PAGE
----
Mario H. Treviño has been the chief of Las Vegas Fire & Rescue since 1996. He has 28 years of experience in the fire service, having previously served with the Seattle Fire Department, where he rose through the ranks to the level of deputy fire chief. Treviño graduated summa cum laude from Seattle...
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Firehouse: How about the water supply? Everybody talks about the area as a desert. It is a desert, and water rights are an issue. I know from being out in the new Station 7 that all of a sudden all these thousands of homes are popping up. Is the water supply adequate? Do you anticipate any other problems or are they going to utilize more water from the Colorado River for Las Vegas than it had been in the past?
Treviño: You're right, water is the single critical issue to growth. And as far as additional water from Lake Mead, yes, that is actually a reality. They've added what they call a "second straw," which is a large-diameter pipeline for water supply, from Lake Mead and from what I'm told that will handle even the growth that we have for the next 10 years without any difficulty.
And beyond that arrangements and agreements have been made with the neighboring states, California and Arizona, to maintain water supply even beyond that, so there doesn't seem to be any concern about water, even though, as you said, this is a desert and without water everything stops.
The interesting thing about the area, and especially I can say this coming from an area like Seattle, I can tell you that my water bill in Las Vegas is less expensive than my water bill was in Seattle, where we were know for rain and clouds. It's an unusual situation.
Firehouse: Could you describe the department's involvement with EMS transporting and paramedics?
Treviño: We are prioritizing EMS more now than ever in the past. In fact, in January of 1999 we initiated an EMS transport system, which had never been done by the fire department in the past.
Typically, the way the system worked before was that the fire department was almost invariably the first responder. We provided EMTs, EMTIs and paramedics and we would arrive at the scene. We would extricate the patient, if necessary. We would rescue the patient. We would evaluate, stabilize and package the patient and then hand the patient off to a private ambulance for transport. And, frankly, sometimes they would be first on scene and they would cancel us if we weren't needed.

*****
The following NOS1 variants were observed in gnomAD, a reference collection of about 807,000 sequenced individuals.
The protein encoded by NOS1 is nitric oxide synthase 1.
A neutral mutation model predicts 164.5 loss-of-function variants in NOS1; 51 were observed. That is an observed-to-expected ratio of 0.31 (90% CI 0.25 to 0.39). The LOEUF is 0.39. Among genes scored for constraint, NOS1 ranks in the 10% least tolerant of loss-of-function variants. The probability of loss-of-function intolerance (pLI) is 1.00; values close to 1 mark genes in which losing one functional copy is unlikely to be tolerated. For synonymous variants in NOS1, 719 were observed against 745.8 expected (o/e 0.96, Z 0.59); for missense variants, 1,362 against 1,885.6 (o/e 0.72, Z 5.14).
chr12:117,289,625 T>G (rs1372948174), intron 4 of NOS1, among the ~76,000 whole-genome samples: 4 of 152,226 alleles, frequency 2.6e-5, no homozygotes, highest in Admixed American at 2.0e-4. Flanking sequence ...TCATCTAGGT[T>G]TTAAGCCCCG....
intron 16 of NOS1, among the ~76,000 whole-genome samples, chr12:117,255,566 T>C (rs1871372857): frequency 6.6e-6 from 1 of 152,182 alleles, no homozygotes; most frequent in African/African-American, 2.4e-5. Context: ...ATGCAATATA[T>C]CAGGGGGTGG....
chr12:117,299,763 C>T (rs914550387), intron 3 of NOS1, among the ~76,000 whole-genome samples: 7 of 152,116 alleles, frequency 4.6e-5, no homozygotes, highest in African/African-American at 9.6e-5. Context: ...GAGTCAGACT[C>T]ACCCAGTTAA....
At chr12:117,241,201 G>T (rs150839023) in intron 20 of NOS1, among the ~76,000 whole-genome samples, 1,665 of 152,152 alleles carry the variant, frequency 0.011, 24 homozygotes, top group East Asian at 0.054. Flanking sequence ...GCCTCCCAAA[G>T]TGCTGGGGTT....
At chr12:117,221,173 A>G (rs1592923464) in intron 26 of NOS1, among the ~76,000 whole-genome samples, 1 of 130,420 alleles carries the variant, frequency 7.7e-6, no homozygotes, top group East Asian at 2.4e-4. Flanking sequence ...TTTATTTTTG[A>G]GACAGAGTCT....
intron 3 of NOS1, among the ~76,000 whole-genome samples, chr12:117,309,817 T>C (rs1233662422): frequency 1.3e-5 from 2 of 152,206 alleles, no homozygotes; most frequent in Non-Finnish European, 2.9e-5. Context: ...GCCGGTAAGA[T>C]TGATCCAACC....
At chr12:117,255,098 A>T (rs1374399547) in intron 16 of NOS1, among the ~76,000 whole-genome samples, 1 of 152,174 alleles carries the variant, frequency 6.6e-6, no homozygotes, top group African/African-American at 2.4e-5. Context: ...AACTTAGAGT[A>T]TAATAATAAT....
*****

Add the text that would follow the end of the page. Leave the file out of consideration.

The change has been with us doing a percentage of the transports. We made arrangements and agreements with the ambulance provider that in certain kinds of calls we don't dispatch an ambulance at all. And in fact we do dispatching for the ambulance company as well from this office.
The best example I can give you is automobile accidents when working with AMR, which is currently the only provider in the Las Vegas Valley. We now respond solely to automobile accidents. And the reason for that is simple. The automobile accidents tend to be a little bit more dangerous than a standard EMS call. There's a lot of propensity for fuel spillage, for fires, for the necessity to extricate patients, as you know, with rescue tools. And that's very much a fire department function.
And the thought was if we do all those things, we need to be on the scene, we may as well just finish it up and do the transport. What that does is free up the private ambulance company to respond on the next call and that's worked very well for us.
EMS in general has just become a very high priority. We don't expect that we'll be going the other way. I think as a time goes on, we will even continue more to focus on EMS because I think like most fire departments a good 80% of what we do is EMS.
Firehouse: Are you working to do whatever you can to bring in new technology to make it easier for any of the forces?
Treviño: Yes. We're very technologically inclined and I think that the reason for that has been over the past, I would say, decade we haven't grown in numbers as much as would like to, so we have become increasingly dependent on technology, whether that's dispatch or communications technology, or whether it's efficiency and safety-type items such as the thermal imaging cameras, we rely heavily on technology. We're going to continue to do that.
We're almost constantly field testing new products, everything from apparatus to clothing to uniform items. We're incorporated the automated PASS devices. We use the thermal imagers. Our bomb squad is very well equipped. We changed over to 800 megahertz radios, which I know is not necessarily cutting edge in communications systems, but it's been a big change around here.